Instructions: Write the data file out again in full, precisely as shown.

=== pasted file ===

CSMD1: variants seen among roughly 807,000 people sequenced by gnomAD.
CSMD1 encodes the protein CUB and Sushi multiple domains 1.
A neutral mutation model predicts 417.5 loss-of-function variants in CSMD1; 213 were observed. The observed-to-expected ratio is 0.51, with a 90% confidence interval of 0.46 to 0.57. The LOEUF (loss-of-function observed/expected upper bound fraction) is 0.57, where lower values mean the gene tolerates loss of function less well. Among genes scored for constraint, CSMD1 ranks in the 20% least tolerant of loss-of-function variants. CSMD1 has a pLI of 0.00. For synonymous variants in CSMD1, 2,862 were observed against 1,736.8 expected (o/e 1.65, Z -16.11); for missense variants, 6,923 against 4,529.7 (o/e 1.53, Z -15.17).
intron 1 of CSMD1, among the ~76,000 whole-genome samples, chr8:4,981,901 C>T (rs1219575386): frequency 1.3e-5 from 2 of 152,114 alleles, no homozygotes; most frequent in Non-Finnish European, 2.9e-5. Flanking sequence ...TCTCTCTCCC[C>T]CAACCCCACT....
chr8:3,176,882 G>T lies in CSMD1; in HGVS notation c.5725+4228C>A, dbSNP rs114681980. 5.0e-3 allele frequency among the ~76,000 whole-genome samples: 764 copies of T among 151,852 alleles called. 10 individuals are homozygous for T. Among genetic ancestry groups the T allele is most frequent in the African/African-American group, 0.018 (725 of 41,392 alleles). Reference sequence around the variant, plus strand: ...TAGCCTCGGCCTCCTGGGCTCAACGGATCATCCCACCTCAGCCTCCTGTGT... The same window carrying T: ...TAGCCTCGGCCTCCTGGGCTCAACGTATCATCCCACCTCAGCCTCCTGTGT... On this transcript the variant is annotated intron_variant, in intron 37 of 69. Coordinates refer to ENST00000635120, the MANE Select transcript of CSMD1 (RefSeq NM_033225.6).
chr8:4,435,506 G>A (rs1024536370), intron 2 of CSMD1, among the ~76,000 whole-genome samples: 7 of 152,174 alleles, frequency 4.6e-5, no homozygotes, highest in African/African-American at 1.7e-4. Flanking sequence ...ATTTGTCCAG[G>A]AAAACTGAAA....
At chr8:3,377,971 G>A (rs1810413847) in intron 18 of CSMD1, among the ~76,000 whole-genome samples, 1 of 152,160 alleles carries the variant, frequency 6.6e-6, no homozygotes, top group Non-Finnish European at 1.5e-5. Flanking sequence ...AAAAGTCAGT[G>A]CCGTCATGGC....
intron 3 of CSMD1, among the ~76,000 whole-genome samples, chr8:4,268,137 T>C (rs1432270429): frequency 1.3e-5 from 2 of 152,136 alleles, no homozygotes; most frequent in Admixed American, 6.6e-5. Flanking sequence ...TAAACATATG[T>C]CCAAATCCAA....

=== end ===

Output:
CSMD1: variants seen among roughly 807,000 people sequenced by gnomAD.
CSMD1 encodes the protein CUB and Sushi multiple domains 1.
A neutral mutation model predicts 417.5 loss-of-function variants in CSMD1; 213 were observed. The observed-to-expected ratio is 0.51, with a 90% confidence interval of 0.46 to 0.57. The LOEUF (loss-of-function observed/expected upper bound fraction) is 0.57, where lower values mean the gene tolerates loss of function less well. Among genes scored for constraint, CSMD1 ranks in the 20% least tolerant of loss-of-function variants. CSMD1 has a pLI of 0.00. For synonymous variants in CSMD1, 2,862 were observed against 1,736.8 expected (o/e 1.65, Z -16.11); for missense variants, 6,923 against 4,529.7 (o/e 1.53, Z -15.17).
intron 1 of CSMD1, among the ~76,000 whole-genome samples, chr8:4,981,901 C>T (rs1219575386): frequency 1.3e-5 from 2 of 152,114 alleles, no homozygotes; most frequent in Non-Finnish European, 2.9e-5. Flanking sequence ...TCTCTCTCCC[C>T]CAACCCCACT....
chr8:3,176,882 G>T lies in CSMD1; in HGVS notation c.5725+4228C>A, dbSNP rs114681980. 5.0e-3 allele frequency among the ~76,000 whole-genome samples: 764 copies of T among 151,852 alleles called. 10 individuals are homozygous for T. Among genetic ancestry groups the T allele is most frequent in the African/African-American group, 0.018 (725 of 41,392 alleles). Reference sequence around the variant, plus strand: ...TAGCCTCGGCCTCCTGGGCTCAACGGATCATCCCACCTCAGCCTCCTGTGT... The same window carrying T: ...TAGCCTCGGCCTCCTGGGCTCAACGTATCATCCCACCTCAGCCTCCTGTGT... On this transcript the variant is annotated intron_variant, in intron 37 of 69. Coordinates refer to ENST00000635120, the MANE Select transcript of CSMD1 (RefSeq NM_033225.6).
chr8:4,435,506 G>A (rs1024536370), intron 2 of CSMD1, among the ~76,000 whole-genome samples: 7 of 152,174 alleles, frequency 4.6e-5, no homozygotes, highest in African/African-American at 1.7e-4. Flanking sequence ...ATTTGTCCAG[G>A]AAAACTGAAA....
At chr8:3,377,971 G>A (rs1810413847) in intron 18 of CSMD1, among the ~76,000 whole-genome samples, 1 of 152,160 alleles carries the variant, frequency 6.6e-6, no homozygotes, top group Non-Finnish European at 1.5e-5. Flanking sequence ...AAAAGTCAGT[G>A]CCGTCATGGC....
intron 3 of CSMD1, among the ~76,000 whole-genome samples, chr8:4,268,137 T>C (rs1432270429): frequency 1.3e-5 from 2 of 152,136 alleles, no homozygotes; most frequent in Admixed American, 6.6e-5. Flanking sequence ...TAAACATATG[T>C]CCAAATCCAA....